Meditation and Spinal Cord Healing
May 24, 2017 by: Luis Tumialan
How can meditation affect physical healing?
So where does mediation fit with all this? While meditation is not a form of medication, it is a form of therapy. If you have ever spoken to a professional sportsman or woman, then you may well have heard them use the phrase “get their head in the game”. This is because psychology plays a huge part in their success, and while they can have all the skill and experience in the world, if they don’t have the confidence and mental strength to play the game to the best of their ability, they won’t.
Mind over matter for pain control
Mental attitude doesn’t just affect skill and confidence though. Researchers have also found that “our perception of an injury can have a stronger influence on how much pain we experience than the actual tissue damage that has occurred¹”. What that means is that we actually have some level of control over the pain that we feel. Even better, we can use this to change our mindset (which naturally shifts to “victim” in the wake of a serious physical injury) and use it as motivation to work; at the correct pace decided by your spine surgeon and physical therapists, towards the best possible rehabilitation outcome.
Pain is essentially a warning system that tells our brain that some form of damage is happening to our physical self, and that we should probably stop doing what we are doing. A great example of this is grabbing a pan handle that is hot. The nerves in our hand can sense the heat and relay information to our brain to tell us to put the pan down as it is too hot. However, responses to pain vary between individuals, and what one person considers “too hot” another person will be able to handle comfortably.
Meditation and mindfulness for physical and emotional control
So now we know how and why we process pain, we can understand that pain is a subjective sensation and it is possible to train your brain so that it doesn’t send more pain signals than necessary. This will give you greater control over the level of pain that you feel, which is extremely useful in both mental and physical rehabilitation, because:
- It can help you to understand how much of your pain is physical, and how much of it is emotional and controlled by your fear about your circumstances and potential outcome of your rehabilitation.
- It can help you to control your central nervous system, keeping you calm and preventing you from panicking or shutting down when dealing with pain or emotional stress.
How to meditate for spinal cord healing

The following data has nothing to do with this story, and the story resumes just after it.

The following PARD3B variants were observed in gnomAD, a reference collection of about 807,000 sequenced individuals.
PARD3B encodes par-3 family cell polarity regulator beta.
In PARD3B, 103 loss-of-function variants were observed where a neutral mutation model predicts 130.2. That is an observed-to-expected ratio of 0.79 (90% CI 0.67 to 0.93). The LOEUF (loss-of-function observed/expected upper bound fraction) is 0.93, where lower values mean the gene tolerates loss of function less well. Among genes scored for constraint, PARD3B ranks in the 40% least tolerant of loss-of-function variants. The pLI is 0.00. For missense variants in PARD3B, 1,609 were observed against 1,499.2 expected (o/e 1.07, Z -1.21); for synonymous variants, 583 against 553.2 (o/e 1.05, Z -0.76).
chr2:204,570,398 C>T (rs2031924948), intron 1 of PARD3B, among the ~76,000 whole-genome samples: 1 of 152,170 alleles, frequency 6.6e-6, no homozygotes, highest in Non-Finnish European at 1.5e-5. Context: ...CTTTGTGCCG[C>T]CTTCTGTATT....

Meditating every day will help to keep your mind and body relaxed, which will help you to manage your pain and the emotional stress of your spinal cord injury and support you in achieving the best possible outcome from your rehabilitation program.
Concentrate on your breathing, inhaling in through your nose and out through your mouth. By switching your focus to your breathing, your brain will tell the nervous system to relax, which will slow your heart rate. The production of pain hormones will cease, and your body will instead produce relaxing hormones.
Identify the location of the strongest pain, but visualize rather than feel it. It is important to try and assess it from a matter-of-fact point of view so that your emotions do not become compromised.
Establish a neutral label for the pain that does not refer to intense negative discomfort or emotional distress. For example, you could describe the pain as “tickling”, “tingling” or “twitching”. Neutral or positive associations mean that you no longer need to try and ignore the pain, but instead you can deal with it on a more controlled and rational level.
How long should I meditate for?
It can take some time to learn to meditate successfully and without distraction. Experts recommend starting with a minimum time of five minutes each day and gradually increasing up to around twenty minutes.
What can meditation help me to achieve?As you progress through your recovery and rehabilitation from your spinal cord injury, it will become easier to remember that pain was not always a part of your life, and the way that you view it can either make or break your successful recovery. Meditation will help you to remain in control of your physical and emotional wellbeing and propel you towards the best possible outcome from your spinal cord injury.
If you are struggling with pain, weakness, loss of function, or other symptoms of spinal complications, contact Dr. Tumialán's office today.